"Further, Proposal 5 would not prevent the Agency from eliminating the program. The proposal only addresses the rate of incentive pay. . . ." (27 FLRA at 137).

The Authority further held that,

". . . We therefore find that Proposal 5 does not directly interfere with management's right to determine its budget under section 7106(a)(1) of the Statute

. . . ." (27 FLRA at 139).

In National Association of Government Employees, Local R1-144, Federal Union of Scientists and Engineers and U.S. Department of the Navy, Naval Underwater Systems Center, Newport, Rhode Island, 43 FLRA 47 (1991), the Authority stated, in part,

". . . Where a Government-wide regulation provides for a determination to be made by a particular official as a condition precedent to further action, a proposal that preempts the determination to be made by that official is inconsistent with the regulation. . . . (id. at 52).

In American Federation of Government Employees, AFL-CIO, Local 3477 and Commodity Futures Trading Commission, 21 FLRA 90 (1986), (on remand of another part of the Authority's decision, 27 FLRA 440 (1987), note, in particular, the Authority's re-affirmation that the proposal was not inconsistent with 5 U.S.C. §§ 4502 and 4503, at 27 FLRA 442-43), which involved incentive awards for employee suggestions, the union had proposed:

"The minimum cash award will be $37.50 for adopted suggestions resulting in tangible benefits of $250.00.

. . .

"Benefits to Government Amount of Award

up to $10,000 15% of benefits

. . . ." (id. at 92)

The Authority, stated, in part, as follows:

". . . that it would find a proposal inconsistent with an agency's right to determine its budget if the proposal by its terms prescribed a particular program or an amount of funds to be included in the agency's budget or if the agency made a substantial demonstration that the proposal would result in a significant and unavoidable increase in costs which would not be offset by compensating benefits. Union proposals . . . prescribe neither a particular program (footnote omitted) nor an amount of funds to be included in a budget.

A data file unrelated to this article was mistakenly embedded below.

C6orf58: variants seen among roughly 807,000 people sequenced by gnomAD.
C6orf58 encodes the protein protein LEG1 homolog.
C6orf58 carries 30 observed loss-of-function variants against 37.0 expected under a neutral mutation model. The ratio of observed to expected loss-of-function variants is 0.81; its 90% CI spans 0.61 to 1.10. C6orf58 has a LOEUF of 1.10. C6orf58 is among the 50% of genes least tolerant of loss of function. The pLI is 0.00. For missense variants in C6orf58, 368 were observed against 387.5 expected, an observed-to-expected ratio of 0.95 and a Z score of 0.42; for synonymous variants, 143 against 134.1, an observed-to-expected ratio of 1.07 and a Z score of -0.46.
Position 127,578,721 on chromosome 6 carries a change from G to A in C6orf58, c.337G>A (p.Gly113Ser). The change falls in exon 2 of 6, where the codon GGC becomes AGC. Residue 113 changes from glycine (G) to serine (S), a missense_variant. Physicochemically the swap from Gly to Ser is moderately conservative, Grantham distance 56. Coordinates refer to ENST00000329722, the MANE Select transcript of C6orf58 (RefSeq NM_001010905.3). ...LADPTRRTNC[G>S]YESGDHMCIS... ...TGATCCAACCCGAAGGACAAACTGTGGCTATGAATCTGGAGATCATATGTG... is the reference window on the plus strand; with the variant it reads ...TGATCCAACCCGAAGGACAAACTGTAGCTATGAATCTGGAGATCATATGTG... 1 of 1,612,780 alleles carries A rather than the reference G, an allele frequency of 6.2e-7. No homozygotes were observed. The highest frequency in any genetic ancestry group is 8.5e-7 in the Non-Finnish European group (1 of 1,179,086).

. . .

"Nor can the Agency's assertion that the proposals would interfere with its right under section 7106(b)(1) to determine the technology, methods, and means of performing work be sustained. . . An employee whose suggestion is adopted has the right to be considered for an award and an agency is not bound to grant an award upon adoption of a suggestion.

. . .

"Finally, the Agency contends that the proposals are contrary to the provisions of 5 U.S.C. §§ 4502 and 4503, which it describes as reserving to the head of each agency the right to determine the amount of each incentive award. Those statutory provisions vest agencies with the discretion to, among other things, determine the amount to be paid as awards for suggestions. (footnote omitted). The Authority has held that to the extent that an agency has discretion with respect to a matter affecting the conditions of employment . . . that matter is within the duty to bargain. . . Absent any indication that the discretion provided to agency heads in 5 U.S.C. §§ 4502 and 4503 is intended to be sole and exclusive, the Agency's position cannot be sustained." (id. at 93-95).

In Department of the Navy, Naval Underwater Systems Center, Newport, Rhode Island, 30 FLRA 697 (1987), the Authority held,

". . . union membership and participation on an incentive awards committee does not interfere with management's rights under section 7106(a) of the Statute. . . Clearly, therefore, an exclusive representative may fully participate on an incentive awards committee." (id. at 700).